Whether we find a vaccine, figure out how to treat it or simply learn how to live with it, one thing we know for certain is that the coronavirus and the state of the world it has hastened will come and ago. And when this current crisis ends, and it will, one question among many other pognaint and powerful ones many will ask is: Have we as a species learned the right lessons that will allow us to change our communities, systems, and world for the better? Or will we simply double down on our worst and most destructive tendencies?
Humanity at Our Worst
Fear is the path to the dark side. Fear leads to anger. Anger leads to hate. Hate leads to suffering.Yoda, Star Wars: The Phantom Menace
Fear is a powerful emotion, especially for many who live in communities and places that have never been directly impacted by nature’s wrath and power—drought, earthquakes, disease, tornadoes, tsunami, hurricanes etc. But, worse than nature’s forces, its our reaction to them that often times make or break us as communities, nations and species.
Guided by fear (and the manipulation of it), our most destructive and toxic habits as a species thrive. History has shown many dark passages and chapters in our past (both distant and recent) in which we became more isolationist and xenophobic, oppressive and regressive: concentration camps, hate crimes, genocides, and more.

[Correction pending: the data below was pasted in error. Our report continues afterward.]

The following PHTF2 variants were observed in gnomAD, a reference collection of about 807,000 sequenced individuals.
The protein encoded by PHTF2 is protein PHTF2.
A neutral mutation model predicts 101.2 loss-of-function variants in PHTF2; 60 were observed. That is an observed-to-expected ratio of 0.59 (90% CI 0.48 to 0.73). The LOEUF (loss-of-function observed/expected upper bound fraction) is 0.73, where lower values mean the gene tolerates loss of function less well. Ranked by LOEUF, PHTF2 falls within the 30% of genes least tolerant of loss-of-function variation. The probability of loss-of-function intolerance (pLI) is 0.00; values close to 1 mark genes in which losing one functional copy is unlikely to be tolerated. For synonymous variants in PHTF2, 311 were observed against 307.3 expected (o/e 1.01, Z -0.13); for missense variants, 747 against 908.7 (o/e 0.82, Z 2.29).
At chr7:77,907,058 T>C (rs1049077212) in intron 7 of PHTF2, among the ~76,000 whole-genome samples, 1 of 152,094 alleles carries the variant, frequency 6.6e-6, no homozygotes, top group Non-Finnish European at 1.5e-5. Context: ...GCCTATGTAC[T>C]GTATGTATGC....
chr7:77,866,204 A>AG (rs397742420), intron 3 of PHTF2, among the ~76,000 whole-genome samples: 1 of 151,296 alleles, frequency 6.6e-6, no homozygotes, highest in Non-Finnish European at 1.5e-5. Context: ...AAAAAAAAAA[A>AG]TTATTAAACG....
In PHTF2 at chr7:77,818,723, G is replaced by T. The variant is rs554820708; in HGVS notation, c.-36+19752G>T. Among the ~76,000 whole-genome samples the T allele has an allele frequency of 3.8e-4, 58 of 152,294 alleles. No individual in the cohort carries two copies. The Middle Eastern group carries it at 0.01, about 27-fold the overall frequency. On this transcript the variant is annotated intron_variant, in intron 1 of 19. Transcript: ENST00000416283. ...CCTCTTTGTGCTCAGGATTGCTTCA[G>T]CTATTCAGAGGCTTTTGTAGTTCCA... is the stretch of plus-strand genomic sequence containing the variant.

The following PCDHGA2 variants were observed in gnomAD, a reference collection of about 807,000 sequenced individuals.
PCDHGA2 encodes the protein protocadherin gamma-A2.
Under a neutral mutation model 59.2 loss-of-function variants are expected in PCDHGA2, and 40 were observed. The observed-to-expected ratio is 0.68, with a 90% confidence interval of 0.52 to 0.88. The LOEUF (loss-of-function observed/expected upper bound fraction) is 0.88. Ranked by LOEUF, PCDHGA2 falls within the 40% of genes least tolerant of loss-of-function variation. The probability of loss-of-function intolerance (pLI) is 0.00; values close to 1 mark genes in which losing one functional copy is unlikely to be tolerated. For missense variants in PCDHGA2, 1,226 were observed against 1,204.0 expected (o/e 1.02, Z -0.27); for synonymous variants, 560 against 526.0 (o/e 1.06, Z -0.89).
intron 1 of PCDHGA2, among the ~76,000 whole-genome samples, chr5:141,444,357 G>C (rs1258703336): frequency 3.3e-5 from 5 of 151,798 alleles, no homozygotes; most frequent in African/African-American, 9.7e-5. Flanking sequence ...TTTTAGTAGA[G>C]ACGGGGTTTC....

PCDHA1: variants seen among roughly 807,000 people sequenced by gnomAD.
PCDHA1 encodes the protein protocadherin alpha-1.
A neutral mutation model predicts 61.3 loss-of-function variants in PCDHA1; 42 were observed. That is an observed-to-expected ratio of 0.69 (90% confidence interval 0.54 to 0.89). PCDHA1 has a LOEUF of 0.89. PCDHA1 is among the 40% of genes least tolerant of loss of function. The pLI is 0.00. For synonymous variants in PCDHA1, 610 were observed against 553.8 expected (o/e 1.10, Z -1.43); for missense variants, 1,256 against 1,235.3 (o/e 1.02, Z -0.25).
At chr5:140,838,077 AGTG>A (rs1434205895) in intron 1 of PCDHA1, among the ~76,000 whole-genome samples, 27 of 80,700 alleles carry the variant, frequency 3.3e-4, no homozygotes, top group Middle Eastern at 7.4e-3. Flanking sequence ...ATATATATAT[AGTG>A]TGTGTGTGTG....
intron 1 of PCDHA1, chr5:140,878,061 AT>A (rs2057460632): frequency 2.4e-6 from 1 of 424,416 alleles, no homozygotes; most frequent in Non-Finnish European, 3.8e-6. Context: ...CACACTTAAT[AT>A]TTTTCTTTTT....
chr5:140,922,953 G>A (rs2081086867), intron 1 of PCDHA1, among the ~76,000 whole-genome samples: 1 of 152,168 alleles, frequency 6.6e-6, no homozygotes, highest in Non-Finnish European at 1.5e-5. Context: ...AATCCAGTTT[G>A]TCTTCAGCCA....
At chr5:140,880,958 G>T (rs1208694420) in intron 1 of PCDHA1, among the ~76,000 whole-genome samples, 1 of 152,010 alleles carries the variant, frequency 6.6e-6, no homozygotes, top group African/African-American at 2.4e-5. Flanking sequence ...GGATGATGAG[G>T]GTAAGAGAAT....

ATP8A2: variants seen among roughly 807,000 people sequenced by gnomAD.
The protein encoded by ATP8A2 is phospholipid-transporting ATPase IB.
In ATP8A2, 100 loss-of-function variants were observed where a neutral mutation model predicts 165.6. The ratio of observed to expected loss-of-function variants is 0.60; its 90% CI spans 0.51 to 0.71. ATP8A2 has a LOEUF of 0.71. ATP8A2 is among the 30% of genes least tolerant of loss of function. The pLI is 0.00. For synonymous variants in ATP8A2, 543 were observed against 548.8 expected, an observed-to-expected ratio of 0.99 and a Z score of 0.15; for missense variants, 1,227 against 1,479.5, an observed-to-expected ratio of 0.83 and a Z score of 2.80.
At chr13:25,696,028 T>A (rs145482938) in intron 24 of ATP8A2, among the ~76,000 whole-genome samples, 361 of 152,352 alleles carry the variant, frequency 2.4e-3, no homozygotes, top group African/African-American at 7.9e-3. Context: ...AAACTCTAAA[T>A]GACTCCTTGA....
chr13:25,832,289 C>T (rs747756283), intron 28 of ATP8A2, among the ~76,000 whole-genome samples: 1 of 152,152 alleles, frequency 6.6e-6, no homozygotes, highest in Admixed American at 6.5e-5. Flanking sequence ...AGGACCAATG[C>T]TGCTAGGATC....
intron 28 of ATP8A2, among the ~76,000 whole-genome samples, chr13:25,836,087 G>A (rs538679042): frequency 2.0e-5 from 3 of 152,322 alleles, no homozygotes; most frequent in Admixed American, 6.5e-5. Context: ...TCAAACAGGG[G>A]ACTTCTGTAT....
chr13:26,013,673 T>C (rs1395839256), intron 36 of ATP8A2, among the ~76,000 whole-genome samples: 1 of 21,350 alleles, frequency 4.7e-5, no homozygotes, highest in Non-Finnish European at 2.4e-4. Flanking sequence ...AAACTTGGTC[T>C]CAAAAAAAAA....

Humanity at Our Best
We all want to help one another. Human beings are like that. We want to live by each other’s happiness—not by each other’s misery. We don’t want to hate and despise one another. In this world there’s room for everyone and the good earth is rich and can provide for everyone.Charlie Chaplin, The Great Dictator
But there have also been times in which we learned the right lessons in the aftermath of tragedy and catastrophe. The formation of the United Nations in the aftermath of World War 2 and its hope of becoming a peacekeeping force that would help resolve conflict around the world, the creation of Doctor’s Without Boarders 1968 by doctors who wanted to go help the sick and injured in war and disaster areas, or South Africa’s Truth and Reconciliation Commission which was created to address the injustices that occurred during apartheid are just a few of many examples in which humanity learned the right lessons.
COVID-19 and It’s Many Lessons
COVID-19, like many other challenging moments in human history, both man-made and natural, exposed our points of weakness and where there was room for improvement in our communities and countries (and world), our systems and policies, our laws and regulations, and our leaders and institutions.
This virus exposed the flaws in our healthcare systems worldwide. It illuminated many societal socioeconomic disparities that not only impact people’s access to healthcare, but how they are treated once within those healthcare systems.
Some environmentalists will argue that COVID-19, much like the Bird Flu, Swine Flu and Ebola, is in part or entirely a product of human beings encroaching on animal habits. The lesson being that the more we encroach on natural habitats the more we are likely to continue to encounter these new deadly viruses and diseases.
From paid sick leave (or lack thereof) to safety in the workplace, the virus exposed issues related to workers’s rights. It exposed how, even in the most thriving and booming of economies that have the resources to do better when it comes to the rights of employees, workers are not given the economic and health-related protections they need to keep themselves and their loved ones safe and financially secure.